The campaign’s feet were cut from under it somewhat when the Department for Culture, Media and Sport was reported to have changed its policy, refusing to propose any more UK sites for UNESCO approval, although the PricewaterhouseCoopers report stated that the Department had several options. The campaign sought my help, and I wrote to the Culture Secretary to seek clarification. To date, I have received no response.

I therefore took the opportunity to raise the matter at Culture, Media and Sport questions last week. The Minister answered my question, but I was slightly concerned by the phrasing of her response. She said that after consultation, the Government would decide whether to put forward another list, which gave the impression that
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perhaps no more sites would be proposed. I can guess what she will tell me today: consultation is still ongoing, and we should await the outcome. That is not sufficient. There is great concern about the outcome of the consultation, given the various options before the Department. Furthermore, if we await the outcome of the consultation, we will in effect be challenging a decision that has already been taken, and it will be much more difficult to obtain any change.

We need to put the case for Arbroath abbey now, before we are faced with a fait accompli. It is of the utmost importance due to the nature of Arbroath abbey and the comments about UNESCO. On the face of it, it could be argued that Arbroath abbey is an ecclesiastical site, but it is much more than that. Its significance goes to the very heart of our culture and the democratic culture of the world.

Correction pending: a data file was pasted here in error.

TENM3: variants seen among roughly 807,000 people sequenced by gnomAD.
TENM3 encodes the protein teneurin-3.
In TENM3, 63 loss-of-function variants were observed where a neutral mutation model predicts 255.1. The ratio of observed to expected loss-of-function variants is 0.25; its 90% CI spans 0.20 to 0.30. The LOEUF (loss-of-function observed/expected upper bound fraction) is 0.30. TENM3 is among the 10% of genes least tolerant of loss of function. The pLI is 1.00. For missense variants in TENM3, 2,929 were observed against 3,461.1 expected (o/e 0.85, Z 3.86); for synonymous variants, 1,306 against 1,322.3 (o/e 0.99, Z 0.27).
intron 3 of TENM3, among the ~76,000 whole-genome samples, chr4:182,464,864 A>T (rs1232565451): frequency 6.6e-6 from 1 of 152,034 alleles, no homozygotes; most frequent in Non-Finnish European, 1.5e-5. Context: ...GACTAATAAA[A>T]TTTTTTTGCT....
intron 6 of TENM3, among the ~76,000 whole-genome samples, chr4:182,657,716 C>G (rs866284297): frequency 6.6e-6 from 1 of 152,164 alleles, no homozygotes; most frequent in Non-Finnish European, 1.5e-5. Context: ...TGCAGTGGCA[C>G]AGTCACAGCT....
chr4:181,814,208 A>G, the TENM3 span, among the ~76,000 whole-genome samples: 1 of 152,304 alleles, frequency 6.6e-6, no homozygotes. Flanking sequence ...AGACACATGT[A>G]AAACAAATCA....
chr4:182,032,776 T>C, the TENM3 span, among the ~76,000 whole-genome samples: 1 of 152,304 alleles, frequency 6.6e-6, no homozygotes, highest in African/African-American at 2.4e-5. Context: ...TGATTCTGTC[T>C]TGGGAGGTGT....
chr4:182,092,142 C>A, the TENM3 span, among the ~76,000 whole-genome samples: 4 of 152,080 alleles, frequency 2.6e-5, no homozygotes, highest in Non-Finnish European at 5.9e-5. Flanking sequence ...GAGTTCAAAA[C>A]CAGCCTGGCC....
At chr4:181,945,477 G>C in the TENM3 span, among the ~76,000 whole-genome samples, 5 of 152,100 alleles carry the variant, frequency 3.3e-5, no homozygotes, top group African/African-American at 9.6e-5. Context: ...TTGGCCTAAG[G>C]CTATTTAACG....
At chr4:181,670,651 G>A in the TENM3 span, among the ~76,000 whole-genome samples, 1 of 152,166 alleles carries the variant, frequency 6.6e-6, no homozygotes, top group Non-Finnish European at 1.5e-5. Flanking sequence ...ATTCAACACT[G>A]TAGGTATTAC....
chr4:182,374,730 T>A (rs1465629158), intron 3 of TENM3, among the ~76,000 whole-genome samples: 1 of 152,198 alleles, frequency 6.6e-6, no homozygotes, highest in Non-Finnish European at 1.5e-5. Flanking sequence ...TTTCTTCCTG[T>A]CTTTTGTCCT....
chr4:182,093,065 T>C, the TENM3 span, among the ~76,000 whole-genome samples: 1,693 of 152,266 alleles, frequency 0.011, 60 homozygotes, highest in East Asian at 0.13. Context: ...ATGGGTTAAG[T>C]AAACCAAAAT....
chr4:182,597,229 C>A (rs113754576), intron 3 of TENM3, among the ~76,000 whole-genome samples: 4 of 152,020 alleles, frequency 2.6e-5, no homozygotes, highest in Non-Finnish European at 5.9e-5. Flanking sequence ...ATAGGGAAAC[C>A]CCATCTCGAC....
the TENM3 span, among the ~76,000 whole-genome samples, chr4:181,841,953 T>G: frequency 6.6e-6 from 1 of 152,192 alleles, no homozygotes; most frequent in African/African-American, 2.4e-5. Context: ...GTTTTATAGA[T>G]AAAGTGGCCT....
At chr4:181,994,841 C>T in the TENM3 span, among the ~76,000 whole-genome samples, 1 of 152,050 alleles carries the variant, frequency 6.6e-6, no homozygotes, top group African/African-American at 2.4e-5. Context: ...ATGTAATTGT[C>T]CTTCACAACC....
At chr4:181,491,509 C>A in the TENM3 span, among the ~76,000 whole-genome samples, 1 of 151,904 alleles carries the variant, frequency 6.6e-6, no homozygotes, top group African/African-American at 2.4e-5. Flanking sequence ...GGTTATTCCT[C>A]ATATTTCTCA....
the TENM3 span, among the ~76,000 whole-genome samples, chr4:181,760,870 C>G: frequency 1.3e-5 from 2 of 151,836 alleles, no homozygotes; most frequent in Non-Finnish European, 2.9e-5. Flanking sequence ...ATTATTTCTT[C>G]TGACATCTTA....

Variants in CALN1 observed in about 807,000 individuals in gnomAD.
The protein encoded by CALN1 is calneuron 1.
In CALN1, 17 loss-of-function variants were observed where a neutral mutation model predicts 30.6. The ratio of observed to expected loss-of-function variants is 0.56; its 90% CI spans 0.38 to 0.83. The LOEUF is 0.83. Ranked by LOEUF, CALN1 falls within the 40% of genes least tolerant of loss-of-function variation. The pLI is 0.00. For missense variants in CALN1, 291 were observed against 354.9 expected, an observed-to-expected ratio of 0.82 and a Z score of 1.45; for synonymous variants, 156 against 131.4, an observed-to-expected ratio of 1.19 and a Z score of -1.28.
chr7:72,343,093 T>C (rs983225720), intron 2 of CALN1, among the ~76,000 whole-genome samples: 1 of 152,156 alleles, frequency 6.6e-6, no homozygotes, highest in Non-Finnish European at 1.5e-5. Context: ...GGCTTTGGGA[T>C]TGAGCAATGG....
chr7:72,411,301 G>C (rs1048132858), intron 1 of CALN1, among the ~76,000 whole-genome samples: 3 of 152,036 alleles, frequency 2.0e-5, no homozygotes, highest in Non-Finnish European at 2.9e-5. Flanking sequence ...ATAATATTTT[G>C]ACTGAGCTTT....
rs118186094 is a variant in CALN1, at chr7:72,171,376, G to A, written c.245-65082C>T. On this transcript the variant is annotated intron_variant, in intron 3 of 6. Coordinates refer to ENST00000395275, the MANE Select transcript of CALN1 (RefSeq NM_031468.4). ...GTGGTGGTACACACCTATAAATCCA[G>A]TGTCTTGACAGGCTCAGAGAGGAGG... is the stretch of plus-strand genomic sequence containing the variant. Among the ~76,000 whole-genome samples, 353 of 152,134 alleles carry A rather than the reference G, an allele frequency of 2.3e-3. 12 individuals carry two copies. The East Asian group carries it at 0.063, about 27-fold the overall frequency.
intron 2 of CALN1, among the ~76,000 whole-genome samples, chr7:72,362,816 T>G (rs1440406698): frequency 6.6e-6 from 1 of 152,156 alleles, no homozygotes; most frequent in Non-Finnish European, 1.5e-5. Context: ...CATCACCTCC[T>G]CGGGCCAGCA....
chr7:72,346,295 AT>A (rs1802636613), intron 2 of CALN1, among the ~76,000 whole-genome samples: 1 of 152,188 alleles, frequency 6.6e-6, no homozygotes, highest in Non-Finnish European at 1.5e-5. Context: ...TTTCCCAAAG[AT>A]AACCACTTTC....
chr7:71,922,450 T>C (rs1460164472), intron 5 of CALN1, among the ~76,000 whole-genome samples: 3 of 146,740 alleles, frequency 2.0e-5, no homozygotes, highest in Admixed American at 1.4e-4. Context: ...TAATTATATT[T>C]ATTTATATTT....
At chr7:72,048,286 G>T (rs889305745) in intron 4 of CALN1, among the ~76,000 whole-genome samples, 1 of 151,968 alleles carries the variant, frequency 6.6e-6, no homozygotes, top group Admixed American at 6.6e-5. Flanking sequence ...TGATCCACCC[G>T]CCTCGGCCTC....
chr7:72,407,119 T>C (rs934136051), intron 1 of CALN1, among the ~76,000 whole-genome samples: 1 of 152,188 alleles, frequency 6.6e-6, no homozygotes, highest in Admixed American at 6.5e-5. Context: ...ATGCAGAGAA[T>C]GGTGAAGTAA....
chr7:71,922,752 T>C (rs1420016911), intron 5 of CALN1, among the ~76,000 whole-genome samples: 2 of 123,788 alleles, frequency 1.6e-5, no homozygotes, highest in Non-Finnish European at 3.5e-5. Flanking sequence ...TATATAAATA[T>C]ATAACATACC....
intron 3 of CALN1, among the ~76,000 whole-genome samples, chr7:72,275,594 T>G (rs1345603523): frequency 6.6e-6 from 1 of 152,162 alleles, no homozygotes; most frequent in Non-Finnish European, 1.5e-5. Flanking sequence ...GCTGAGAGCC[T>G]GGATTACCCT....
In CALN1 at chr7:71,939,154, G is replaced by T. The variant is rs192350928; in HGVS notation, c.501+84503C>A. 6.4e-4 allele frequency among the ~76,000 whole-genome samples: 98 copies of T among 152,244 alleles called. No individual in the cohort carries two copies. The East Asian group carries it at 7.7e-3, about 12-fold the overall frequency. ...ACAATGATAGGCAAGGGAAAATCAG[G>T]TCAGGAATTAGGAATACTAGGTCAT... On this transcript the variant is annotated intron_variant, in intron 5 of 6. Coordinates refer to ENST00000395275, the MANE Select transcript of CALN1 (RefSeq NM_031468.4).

UNESCO’s list of properties includes two categories that could have been written with Arbroath abbey in mind. Criteria III says that it must

Criteria VI says that it must

I shall relate the history of Arbroath abbey and explain why I feel that it falls in those categories.

The abbey of Arbroath was founded by William the Lion, King of Scots, in 1178. It is dedicated to Thomas Becket, the turbulent priest who was killed at the instigation of Henry II in Canterbury cathedral, which is also a world heritage site. In its day, the abbey must have been a very impressive and powerful institution. Even its ruins—particularly the impressive “Round O”—are an impressive sight in the centre of our town. William the Lion is believed to be buried before the high altar.

Nowadays, however, the abbey’s best known association is with the first declaration of Scottish independence, or the declaration of Arbroath as it is often referred to. As many hon. Members will be aware, that magnificent document was written by the then abbot of Arbroath, Bernard de Linton, and signed by King Robert I—the Bruce, as he is often known—at Arbroath on 6 April 1320. It is a letter to the Pope in Avignon and sets out the case for the continuing independence of Scotland, which had been regained following the battle of Bannockburn in 1314. However, the declaration is much more than that—great though it is; it echoes down through the centuries as one of the great documents of not only Scottish history but world history.

In his book “For Freedom Alone” Professor Edward Cowan puts the point very well: